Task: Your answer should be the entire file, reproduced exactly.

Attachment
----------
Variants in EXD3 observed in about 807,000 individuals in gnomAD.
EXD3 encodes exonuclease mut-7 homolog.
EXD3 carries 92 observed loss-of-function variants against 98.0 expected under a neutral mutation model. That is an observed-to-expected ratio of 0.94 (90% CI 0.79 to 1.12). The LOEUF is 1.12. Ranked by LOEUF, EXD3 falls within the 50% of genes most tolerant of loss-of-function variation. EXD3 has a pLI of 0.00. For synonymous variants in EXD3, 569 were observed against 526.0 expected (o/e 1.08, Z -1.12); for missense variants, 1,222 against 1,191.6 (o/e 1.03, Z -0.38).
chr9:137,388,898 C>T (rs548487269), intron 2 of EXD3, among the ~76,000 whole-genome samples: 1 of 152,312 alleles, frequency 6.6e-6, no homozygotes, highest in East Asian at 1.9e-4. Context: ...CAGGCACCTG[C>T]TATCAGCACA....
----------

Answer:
Variants in EXD3 observed in about 807,000 individuals in gnomAD.
EXD3 encodes exonuclease mut-7 homolog.
EXD3 carries 92 observed loss-of-function variants against 98.0 expected under a neutral mutation model. That is an observed-to-expected ratio of 0.94 (90% CI 0.79 to 1.12). The LOEUF is 1.12. Ranked by LOEUF, EXD3 falls within the 50% of genes most tolerant of loss-of-function variation. EXD3 has a pLI of 0.00. For synonymous variants in EXD3, 569 were observed against 526.0 expected (o/e 1.08, Z -1.12); for missense variants, 1,222 against 1,191.6 (o/e 1.03, Z -0.38).
chr9:137,388,898 C>T (rs548487269), intron 2 of EXD3, among the ~76,000 whole-genome samples: 1 of 152,312 alleles, frequency 6.6e-6, no homozygotes, highest in East Asian at 1.9e-4. Context: ...CAGGCACCTG[C>T]TATCAGCACA....